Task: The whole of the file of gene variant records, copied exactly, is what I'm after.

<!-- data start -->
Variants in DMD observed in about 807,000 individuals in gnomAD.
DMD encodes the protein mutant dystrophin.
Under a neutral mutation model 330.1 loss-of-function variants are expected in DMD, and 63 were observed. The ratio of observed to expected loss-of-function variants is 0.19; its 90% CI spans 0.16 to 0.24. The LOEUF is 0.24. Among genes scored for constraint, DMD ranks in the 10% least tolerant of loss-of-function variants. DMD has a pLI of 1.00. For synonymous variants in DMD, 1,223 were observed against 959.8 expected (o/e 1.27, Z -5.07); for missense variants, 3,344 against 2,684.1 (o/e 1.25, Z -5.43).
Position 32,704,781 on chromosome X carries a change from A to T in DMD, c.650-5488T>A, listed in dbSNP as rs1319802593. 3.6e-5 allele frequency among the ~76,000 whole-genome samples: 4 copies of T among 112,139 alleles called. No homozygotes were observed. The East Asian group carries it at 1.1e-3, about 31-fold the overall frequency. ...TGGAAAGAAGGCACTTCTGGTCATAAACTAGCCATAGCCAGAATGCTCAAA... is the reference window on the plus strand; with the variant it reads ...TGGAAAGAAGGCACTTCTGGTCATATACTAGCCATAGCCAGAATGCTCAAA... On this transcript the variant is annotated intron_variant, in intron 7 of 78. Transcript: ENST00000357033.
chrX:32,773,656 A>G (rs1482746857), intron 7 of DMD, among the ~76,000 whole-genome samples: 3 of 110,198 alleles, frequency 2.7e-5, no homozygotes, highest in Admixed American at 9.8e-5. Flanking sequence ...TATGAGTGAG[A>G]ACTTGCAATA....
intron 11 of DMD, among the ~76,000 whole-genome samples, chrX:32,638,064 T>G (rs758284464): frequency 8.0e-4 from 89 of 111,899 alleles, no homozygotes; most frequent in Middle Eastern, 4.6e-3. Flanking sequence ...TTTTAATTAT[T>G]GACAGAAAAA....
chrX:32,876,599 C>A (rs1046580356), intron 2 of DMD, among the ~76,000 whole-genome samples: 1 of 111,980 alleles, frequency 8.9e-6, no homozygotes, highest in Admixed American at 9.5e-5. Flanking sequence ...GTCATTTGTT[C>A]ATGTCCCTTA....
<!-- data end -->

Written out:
Variants in DMD observed in about 807,000 individuals in gnomAD.
DMD encodes the protein mutant dystrophin.
Under a neutral mutation model 330.1 loss-of-function variants are expected in DMD, and 63 were observed. The ratio of observed to expected loss-of-function variants is 0.19; its 90% CI spans 0.16 to 0.24. The LOEUF is 0.24. Among genes scored for constraint, DMD ranks in the 10% least tolerant of loss-of-function variants. DMD has a pLI of 1.00. For synonymous variants in DMD, 1,223 were observed against 959.8 expected (o/e 1.27, Z -5.07); for missense variants, 3,344 against 2,684.1 (o/e 1.25, Z -5.43).
Position 32,704,781 on chromosome X carries a change from A to T in DMD, c.650-5488T>A, listed in dbSNP as rs1319802593. 3.6e-5 allele frequency among the ~76,000 whole-genome samples: 4 copies of T among 112,139 alleles called. No homozygotes were observed. The East Asian group carries it at 1.1e-3, about 31-fold the overall frequency. ...TGGAAAGAAGGCACTTCTGGTCATAAACTAGCCATAGCCAGAATGCTCAAA... is the reference window on the plus strand; with the variant it reads ...TGGAAAGAAGGCACTTCTGGTCATATACTAGCCATAGCCAGAATGCTCAAA... On this transcript the variant is annotated intron_variant, in intron 7 of 78. Transcript: ENST00000357033.
chrX:32,773,656 A>G (rs1482746857), intron 7 of DMD, among the ~76,000 whole-genome samples: 3 of 110,198 alleles, frequency 2.7e-5, no homozygotes, highest in Admixed American at 9.8e-5. Flanking sequence ...TATGAGTGAG[A>G]ACTTGCAATA....
intron 11 of DMD, among the ~76,000 whole-genome samples, chrX:32,638,064 T>G (rs758284464): frequency 8.0e-4 from 89 of 111,899 alleles, no homozygotes; most frequent in Middle Eastern, 4.6e-3. Flanking sequence ...TTTTAATTAT[T>G]GACAGAAAAA....
chrX:32,876,599 C>A (rs1046580356), intron 2 of DMD, among the ~76,000 whole-genome samples: 1 of 111,980 alleles, frequency 8.9e-6, no homozygotes, highest in Admixed American at 9.5e-5. Flanking sequence ...GTCATTTGTT[C>A]ATGTCCCTTA....